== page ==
Nearly all state privacy and data security bills now under consideration recognize the need to exempt financial institutions from redundant layers of compliance. But the states have not taken a uniform approach to defining such exemptions.
For example, Nevada’s privacy law enacted in May of last year exempted financial institutions from new requirements at the entity level, meaning that any bank subject to the requirements of Gramm-Leach-Bliley would be exempt from the new law.
But in California, lawmakers took a different tack by structuring exemptions at the data level. That means the financial data governed by Gramm-Leach-Bliley would be exempt from new state rules, but a bank’s non-financial data — like data used for marketing purposes or sent to affiliates — would still fall under a state’s new requirements.
Some analysts say that that kind of distinction might make sense in theory, but in practice not all banks separate their consumer data into financial and non-financial categories.
“What happens when a company has data that it uses for multiple purposes, and some data is exempt but not all of it?” Lawrence said. “It creates an internal, dual framework within companies based on the laws of individual states.”
But others say that even if banks have to make some changes resulting from new data security frameworks created at the state level, their compliance requirements will likely be minor compared with those of other industries that have avoided privacy and data security standards.
“A lot of these laws won’t have a huge impact on bank practices, because banks are used to dealing with this kind of regulation. If they were sharing data or selling ads with user permission, this would be a much bigger issue,” said Rahul Telang, professor of information systems at Carnegie Mellon University.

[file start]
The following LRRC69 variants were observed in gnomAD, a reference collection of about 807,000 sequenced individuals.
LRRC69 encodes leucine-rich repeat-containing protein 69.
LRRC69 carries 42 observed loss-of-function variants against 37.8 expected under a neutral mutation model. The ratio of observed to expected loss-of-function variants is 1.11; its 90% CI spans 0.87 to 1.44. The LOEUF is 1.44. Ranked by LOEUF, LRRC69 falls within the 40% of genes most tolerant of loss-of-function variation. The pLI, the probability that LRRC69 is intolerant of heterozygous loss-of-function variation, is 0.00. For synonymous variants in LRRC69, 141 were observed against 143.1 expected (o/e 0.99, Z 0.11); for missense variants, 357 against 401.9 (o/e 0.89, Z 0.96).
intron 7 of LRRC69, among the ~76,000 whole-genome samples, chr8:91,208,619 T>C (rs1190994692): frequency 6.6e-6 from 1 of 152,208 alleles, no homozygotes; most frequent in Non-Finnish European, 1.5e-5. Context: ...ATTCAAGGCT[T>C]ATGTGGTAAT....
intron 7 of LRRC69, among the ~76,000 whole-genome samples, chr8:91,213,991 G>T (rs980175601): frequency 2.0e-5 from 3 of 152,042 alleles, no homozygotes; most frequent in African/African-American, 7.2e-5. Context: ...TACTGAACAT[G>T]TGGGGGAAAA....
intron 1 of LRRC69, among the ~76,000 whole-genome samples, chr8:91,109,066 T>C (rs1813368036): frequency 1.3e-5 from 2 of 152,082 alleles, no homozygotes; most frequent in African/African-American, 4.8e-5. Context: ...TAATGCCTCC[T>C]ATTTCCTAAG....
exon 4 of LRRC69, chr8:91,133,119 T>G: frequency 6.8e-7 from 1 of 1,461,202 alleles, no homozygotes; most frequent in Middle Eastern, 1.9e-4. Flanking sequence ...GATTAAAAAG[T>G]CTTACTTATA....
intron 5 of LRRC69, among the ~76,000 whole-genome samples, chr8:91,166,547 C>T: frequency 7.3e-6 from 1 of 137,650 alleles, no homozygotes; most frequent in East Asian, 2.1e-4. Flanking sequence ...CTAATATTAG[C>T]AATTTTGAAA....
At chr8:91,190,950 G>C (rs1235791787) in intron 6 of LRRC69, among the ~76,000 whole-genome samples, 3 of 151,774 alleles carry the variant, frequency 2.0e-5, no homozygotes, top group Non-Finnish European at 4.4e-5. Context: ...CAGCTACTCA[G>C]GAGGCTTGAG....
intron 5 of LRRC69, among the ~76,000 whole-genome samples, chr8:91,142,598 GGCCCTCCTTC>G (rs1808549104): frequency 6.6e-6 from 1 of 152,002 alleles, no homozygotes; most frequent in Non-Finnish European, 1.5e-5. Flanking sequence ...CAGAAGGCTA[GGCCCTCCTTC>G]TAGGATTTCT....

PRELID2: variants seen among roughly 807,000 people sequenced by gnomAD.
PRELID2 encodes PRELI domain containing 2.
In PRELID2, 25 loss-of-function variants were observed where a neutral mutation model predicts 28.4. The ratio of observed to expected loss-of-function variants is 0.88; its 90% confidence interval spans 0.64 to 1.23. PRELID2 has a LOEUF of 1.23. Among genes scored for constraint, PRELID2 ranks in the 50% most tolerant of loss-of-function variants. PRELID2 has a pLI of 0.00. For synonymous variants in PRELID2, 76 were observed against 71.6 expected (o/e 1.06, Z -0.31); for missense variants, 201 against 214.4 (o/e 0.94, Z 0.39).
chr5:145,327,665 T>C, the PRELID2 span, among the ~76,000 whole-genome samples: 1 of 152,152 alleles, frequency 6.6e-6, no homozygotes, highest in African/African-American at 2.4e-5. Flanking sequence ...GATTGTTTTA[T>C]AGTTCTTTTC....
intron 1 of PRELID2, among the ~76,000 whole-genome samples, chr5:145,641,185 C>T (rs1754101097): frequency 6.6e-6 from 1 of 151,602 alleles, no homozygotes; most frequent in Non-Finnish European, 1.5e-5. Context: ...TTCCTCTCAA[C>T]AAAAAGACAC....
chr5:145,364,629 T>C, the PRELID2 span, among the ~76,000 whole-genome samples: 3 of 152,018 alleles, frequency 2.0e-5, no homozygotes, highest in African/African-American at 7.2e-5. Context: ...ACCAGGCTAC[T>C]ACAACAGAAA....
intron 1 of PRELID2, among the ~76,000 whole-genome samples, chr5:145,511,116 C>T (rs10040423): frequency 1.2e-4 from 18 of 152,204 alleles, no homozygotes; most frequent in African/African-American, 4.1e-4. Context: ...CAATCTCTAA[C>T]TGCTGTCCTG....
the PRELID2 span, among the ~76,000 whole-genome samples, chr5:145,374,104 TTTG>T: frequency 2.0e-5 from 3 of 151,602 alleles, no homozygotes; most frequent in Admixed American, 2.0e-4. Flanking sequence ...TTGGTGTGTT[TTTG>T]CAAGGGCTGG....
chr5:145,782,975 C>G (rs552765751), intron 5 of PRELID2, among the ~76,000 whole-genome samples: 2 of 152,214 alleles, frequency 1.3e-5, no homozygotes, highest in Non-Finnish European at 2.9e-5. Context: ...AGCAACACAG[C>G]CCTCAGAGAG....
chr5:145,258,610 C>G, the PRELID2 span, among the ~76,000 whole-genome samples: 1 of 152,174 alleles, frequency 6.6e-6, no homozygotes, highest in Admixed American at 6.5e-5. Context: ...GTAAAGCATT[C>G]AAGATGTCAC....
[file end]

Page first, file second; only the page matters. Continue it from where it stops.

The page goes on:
“Banks are already complying with a lot of the ideas that are being proposed,” he said. “Most of the things the new regulation is after, banks are already on top of.”
Most states mulling privacy law today appear keen to follow California’s lead and exempt the data governed by Gramm-Leach-Bliley.
Pending proposals in Illinois, New York and Washington state are using similar data-level exemptions. Legislative proposals in Maryland, Mississippi, New Mexico and Virginia also tried the data-level approach, but those efforts failed.
Besides the law passed in Nevada, only the bills pending in Florida and Nebraska exempt financial institutions at the entity level.
If a bank operates solely in states where exemptions are organized at the entity level, analysts say its day-to-day operations may not change much, if at all.
But data-level exemptions can be particularly problematic in bills that grant consumers new rights for managing their personal data held by organizations, such as marketing data and other nonfinancial data not governed by Gramm-Leach-Bliley.